Combating the Financing of Terrorism: A History and Assessment of the Control of ‘Threat Finance’
Posted: 29 Jun 2010
Date Written: 2010
The history of international efforts to control the flow of funds to designated ‘terrorist groups’ via the formal financial system is examined. The work shows that-despite the high motivation of some governments and international banks to reduce terrorist attacks, which harm their citizens, customers, staff and profits-it remains difficult to determine how this private-public policing interface can rationally target ‘risky capital’. Financial intelligence efforts have had little externally discernible impact on reducing levels of terrorism or on criminal convictions. It reviews evaluation problems in knowing whether the apparent lack of effects is due to measurement failure (estimating how much terrorist harm might have occurred had the controls not been imposed), theory failure or implementation failure. It argues for a more modest assessment of the likely impact of measures against financing terrorism and nuclear proliferation.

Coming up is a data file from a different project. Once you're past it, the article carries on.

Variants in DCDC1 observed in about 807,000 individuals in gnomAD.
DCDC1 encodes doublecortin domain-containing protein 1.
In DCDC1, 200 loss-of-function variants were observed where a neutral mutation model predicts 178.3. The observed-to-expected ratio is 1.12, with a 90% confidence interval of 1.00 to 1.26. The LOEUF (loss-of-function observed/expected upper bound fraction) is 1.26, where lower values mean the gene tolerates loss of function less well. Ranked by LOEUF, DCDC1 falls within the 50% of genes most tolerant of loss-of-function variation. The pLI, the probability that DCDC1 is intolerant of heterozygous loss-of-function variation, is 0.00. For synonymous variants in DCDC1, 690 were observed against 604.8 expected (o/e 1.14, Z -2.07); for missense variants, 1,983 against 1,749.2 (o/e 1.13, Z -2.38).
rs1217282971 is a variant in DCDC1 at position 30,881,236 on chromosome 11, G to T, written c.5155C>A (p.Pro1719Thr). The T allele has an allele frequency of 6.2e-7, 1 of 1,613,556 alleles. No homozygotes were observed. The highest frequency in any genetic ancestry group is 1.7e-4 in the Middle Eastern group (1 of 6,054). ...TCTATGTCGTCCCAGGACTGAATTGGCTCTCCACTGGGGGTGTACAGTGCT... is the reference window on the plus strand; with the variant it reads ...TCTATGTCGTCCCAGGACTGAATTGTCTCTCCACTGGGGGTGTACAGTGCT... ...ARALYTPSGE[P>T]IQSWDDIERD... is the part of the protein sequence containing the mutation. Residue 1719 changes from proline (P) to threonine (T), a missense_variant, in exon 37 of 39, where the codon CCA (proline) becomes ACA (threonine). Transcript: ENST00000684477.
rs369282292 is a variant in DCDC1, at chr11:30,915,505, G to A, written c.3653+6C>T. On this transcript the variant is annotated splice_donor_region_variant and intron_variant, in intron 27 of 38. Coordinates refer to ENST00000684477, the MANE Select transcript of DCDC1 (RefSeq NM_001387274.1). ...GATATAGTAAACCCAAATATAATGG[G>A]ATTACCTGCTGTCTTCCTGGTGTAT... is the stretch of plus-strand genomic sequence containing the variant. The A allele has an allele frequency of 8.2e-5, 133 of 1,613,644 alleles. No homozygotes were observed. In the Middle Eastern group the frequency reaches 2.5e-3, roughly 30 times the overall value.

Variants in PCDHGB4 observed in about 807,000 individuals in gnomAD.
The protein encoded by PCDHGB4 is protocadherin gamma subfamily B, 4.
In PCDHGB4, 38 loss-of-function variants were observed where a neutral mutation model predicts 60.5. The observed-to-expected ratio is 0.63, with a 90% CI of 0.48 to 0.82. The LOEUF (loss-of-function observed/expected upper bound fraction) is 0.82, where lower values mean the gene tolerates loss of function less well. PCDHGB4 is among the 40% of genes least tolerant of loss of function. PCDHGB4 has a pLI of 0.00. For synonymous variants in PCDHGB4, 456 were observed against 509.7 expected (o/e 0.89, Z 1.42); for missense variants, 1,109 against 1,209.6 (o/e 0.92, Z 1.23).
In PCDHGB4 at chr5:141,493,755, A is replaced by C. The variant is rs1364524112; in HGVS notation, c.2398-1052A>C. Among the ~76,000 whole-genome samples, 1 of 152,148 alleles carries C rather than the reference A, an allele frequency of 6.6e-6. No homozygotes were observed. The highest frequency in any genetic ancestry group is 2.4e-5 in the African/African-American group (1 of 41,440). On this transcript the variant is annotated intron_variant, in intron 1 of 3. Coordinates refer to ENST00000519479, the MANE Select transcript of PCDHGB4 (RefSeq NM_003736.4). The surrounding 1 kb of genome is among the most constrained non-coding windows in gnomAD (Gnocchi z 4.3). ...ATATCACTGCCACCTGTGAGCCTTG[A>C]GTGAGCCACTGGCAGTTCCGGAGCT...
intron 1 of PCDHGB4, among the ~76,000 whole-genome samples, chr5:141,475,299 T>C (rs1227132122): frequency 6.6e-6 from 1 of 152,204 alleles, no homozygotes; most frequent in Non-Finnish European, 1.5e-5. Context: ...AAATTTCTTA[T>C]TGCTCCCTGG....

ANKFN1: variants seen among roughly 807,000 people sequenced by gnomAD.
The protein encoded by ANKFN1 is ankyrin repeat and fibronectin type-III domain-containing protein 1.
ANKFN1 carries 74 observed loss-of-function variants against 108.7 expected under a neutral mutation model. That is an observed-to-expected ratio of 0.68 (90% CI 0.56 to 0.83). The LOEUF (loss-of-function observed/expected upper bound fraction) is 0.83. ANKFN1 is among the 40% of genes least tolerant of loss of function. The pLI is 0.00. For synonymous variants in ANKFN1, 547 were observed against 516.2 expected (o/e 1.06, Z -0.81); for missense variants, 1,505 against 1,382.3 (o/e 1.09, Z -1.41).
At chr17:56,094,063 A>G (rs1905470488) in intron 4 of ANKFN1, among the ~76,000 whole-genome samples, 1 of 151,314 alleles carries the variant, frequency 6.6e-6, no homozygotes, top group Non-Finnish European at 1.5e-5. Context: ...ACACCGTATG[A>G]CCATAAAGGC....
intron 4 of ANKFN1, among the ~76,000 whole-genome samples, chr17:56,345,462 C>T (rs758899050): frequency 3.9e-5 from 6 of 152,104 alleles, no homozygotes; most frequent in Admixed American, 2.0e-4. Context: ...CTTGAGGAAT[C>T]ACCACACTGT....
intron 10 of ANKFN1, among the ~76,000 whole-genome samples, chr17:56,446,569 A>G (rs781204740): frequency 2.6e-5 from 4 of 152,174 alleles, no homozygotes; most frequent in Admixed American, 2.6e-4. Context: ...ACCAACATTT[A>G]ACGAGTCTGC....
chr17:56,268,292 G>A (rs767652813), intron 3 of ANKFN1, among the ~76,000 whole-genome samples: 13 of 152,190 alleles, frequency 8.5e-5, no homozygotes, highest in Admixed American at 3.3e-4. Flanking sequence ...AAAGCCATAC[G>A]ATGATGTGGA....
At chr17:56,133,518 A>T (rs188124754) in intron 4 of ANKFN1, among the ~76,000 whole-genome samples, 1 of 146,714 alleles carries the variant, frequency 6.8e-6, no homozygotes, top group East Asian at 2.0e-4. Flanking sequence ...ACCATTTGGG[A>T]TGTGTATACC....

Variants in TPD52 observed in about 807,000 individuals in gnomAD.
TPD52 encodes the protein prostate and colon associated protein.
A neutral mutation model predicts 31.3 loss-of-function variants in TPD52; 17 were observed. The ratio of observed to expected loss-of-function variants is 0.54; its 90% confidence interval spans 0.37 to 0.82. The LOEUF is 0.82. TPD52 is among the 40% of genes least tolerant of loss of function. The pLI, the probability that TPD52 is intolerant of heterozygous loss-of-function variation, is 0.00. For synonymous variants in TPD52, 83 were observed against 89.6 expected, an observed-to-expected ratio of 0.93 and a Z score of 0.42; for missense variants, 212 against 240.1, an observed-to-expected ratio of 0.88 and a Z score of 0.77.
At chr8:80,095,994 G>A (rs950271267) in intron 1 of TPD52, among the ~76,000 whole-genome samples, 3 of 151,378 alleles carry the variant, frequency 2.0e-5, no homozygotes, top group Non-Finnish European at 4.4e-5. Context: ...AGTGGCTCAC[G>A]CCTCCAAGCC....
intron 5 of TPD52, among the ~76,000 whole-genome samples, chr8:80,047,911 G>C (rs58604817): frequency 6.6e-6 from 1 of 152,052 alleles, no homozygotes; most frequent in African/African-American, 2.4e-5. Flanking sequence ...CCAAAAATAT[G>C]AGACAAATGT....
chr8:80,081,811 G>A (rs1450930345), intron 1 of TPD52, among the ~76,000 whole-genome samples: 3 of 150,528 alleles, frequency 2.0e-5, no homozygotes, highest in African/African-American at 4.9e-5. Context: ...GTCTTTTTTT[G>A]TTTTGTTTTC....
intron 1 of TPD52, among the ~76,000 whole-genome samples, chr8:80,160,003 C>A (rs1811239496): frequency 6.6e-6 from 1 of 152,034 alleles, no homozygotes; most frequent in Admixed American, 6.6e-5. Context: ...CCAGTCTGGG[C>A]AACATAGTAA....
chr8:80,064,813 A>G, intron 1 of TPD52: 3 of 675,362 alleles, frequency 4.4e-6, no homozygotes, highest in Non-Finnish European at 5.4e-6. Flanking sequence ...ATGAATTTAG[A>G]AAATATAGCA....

Keywords: terrorism financing, money laundering, financial intelligence, risk policing, Jihad
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